As the escrow provides by agreement for recovery of attorney's fees and expenses, we suppose it to be unlikely that there will be occasion in any event to resort to the provisions of Section 9(4) of c. 93A for such allowances.
The case is remanded for further proceedings as indicated; otherwise the judgment is affirmed.
[Note 1] Karen D. Bachman, his wife.
[Note 2] Ann Parkin, his wife.
[Note 3] Other theories advanced need not be discussed.
[Note 4] Collateral to the action as above described was a claim by Owners to undo a conveyance by Builder of other property to his codefendant wife, alleged to be a fraudulent device to obstruct recovery against him. The claim succeeded and is not a subject of appeal.
[Note 5] For this purpose we meld the results of the main action and counterclaim. The liability was cast upon Parkin personally, the agreements having been found to be with him, not with the named corporation.
[Note 6] Section 2(a), inserted by St. 1967, c. 813, Section 1, states: "Unfair methods of competition and unfair or deceptive acts or practices in the conduct of any trade or commerce are hereby declared unlawful." The Attorney General is authorized by Section 2(c) to make "rules and regulations interpreting the provisions of subsection 2(a)"; the pertinent ones relating to the kinds of breaches here involved are 20 Code Mass.Regs. Sections 3.01(9) and 3.08(2); cf. Section 3.16 (1978).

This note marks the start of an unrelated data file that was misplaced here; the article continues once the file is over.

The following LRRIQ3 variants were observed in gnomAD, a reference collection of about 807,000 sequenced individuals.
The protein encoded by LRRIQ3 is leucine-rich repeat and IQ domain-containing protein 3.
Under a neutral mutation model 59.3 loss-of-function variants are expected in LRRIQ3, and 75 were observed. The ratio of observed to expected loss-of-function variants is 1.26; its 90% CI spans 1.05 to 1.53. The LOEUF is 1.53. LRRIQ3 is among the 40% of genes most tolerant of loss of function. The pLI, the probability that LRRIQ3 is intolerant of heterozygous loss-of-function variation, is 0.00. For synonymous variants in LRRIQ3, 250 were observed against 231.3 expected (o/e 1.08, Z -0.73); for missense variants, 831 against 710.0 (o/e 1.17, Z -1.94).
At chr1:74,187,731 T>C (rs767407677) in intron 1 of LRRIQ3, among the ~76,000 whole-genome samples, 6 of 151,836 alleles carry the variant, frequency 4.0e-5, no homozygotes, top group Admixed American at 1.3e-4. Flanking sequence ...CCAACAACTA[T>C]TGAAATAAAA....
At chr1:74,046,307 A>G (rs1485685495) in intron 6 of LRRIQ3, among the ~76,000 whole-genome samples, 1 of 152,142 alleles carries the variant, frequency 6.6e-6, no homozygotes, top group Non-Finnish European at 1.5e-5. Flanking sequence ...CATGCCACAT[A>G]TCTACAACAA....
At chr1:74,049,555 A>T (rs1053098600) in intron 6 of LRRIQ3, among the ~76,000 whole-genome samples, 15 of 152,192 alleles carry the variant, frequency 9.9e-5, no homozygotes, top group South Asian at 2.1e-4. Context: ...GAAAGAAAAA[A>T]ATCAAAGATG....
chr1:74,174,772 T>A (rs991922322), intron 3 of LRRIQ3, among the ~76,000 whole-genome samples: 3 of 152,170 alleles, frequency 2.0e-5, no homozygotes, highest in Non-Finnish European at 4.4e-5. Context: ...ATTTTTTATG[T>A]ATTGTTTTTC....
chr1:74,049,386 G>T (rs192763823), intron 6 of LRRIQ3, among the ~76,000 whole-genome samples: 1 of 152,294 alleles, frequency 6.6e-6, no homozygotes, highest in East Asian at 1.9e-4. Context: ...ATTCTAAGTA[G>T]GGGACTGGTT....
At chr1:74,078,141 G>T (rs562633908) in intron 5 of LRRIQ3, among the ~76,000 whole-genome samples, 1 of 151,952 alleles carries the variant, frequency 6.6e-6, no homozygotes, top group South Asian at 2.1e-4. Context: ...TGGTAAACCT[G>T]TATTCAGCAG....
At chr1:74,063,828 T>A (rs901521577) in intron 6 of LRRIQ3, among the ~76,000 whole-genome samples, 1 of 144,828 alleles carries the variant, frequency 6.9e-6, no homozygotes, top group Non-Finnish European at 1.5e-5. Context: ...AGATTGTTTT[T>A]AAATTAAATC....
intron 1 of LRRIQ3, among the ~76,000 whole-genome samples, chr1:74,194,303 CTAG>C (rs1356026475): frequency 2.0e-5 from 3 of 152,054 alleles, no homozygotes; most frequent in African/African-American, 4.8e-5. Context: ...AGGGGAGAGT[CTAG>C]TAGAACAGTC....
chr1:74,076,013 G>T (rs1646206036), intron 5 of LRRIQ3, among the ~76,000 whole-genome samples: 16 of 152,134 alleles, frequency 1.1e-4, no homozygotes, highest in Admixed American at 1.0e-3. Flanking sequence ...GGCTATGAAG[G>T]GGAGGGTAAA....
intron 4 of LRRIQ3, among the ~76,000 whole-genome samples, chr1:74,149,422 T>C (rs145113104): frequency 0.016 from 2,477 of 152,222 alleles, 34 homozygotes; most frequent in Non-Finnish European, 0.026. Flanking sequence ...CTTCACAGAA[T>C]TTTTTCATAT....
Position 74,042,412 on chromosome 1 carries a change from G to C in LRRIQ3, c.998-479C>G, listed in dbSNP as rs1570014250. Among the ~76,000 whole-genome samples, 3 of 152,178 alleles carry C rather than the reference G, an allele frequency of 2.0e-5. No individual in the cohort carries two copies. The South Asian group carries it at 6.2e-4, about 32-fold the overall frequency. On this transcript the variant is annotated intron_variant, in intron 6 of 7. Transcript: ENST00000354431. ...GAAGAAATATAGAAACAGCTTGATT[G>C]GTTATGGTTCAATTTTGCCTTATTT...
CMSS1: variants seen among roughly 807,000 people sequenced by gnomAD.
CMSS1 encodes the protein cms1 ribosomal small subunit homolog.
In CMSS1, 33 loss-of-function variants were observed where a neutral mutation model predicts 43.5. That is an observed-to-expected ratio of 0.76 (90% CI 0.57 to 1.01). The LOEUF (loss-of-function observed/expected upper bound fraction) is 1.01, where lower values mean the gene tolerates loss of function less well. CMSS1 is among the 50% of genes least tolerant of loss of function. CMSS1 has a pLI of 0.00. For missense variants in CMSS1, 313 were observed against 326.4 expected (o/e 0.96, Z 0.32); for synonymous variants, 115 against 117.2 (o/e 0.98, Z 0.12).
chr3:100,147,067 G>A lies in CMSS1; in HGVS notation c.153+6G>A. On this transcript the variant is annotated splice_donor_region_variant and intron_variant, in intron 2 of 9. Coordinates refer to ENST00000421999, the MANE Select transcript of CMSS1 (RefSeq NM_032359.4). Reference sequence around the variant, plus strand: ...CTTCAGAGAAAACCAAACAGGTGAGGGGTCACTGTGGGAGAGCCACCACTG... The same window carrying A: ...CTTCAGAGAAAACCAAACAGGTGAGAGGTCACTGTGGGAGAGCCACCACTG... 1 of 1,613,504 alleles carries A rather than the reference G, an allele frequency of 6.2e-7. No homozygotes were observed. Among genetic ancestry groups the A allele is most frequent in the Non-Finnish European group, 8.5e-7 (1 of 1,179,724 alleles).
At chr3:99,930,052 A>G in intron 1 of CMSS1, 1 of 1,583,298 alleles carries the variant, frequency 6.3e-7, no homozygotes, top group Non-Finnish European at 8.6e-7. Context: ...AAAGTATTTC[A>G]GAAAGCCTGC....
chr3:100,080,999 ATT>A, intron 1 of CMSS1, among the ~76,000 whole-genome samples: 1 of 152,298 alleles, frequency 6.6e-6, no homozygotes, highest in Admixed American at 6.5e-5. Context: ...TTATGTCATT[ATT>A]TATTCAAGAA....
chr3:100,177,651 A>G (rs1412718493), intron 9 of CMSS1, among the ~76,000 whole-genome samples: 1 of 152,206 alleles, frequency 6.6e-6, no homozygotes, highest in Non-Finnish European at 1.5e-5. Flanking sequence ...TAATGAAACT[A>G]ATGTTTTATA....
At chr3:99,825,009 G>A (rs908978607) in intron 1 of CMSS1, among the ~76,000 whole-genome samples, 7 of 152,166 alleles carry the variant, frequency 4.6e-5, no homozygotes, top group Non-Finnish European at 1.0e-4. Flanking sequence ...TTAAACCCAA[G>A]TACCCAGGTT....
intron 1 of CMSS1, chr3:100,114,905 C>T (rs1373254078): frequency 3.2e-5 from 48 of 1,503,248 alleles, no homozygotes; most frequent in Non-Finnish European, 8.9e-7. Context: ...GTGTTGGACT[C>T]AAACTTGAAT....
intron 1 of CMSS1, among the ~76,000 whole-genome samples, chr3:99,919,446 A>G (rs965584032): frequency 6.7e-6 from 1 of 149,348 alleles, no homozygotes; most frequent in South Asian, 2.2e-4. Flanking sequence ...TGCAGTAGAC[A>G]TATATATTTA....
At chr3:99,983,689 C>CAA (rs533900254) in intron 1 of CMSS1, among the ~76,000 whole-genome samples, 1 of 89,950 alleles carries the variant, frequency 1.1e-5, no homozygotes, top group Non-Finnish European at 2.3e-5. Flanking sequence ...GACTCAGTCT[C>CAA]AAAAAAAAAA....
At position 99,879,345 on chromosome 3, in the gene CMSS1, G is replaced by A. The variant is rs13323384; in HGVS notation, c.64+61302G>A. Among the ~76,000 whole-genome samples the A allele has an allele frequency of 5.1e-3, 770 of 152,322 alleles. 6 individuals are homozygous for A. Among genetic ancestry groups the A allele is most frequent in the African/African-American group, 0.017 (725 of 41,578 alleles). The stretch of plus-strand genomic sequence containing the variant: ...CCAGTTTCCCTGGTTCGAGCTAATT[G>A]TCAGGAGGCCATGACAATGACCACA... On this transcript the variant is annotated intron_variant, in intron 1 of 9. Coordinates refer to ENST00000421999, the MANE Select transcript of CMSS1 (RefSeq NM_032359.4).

[Note 7] There was no inconsistency in the judge's stating that Builder used "a model which he knew or should have known would not satisfy the requirements of [Owners]." The "model" referred to was Builder's own home which, it was understood, would need changes in order to suit Owners. In context, the judge's criticism implied at most negligence, not wilfulness.
[Note 8] For instance, Owners questioned Builder's good faith in offering a settlement through Solar "100," Inc., which might be without assets. (We venture no opinion on the point.)
[Note 9] As to good faith in responding to consumer's demand, see Patry v. Liberty Mobilhome Sales, Inc., supra, 15 Mass. App. Ct. at 706; Calimlim v. Foreign Car Center, Inc., 392 Mass. at 234.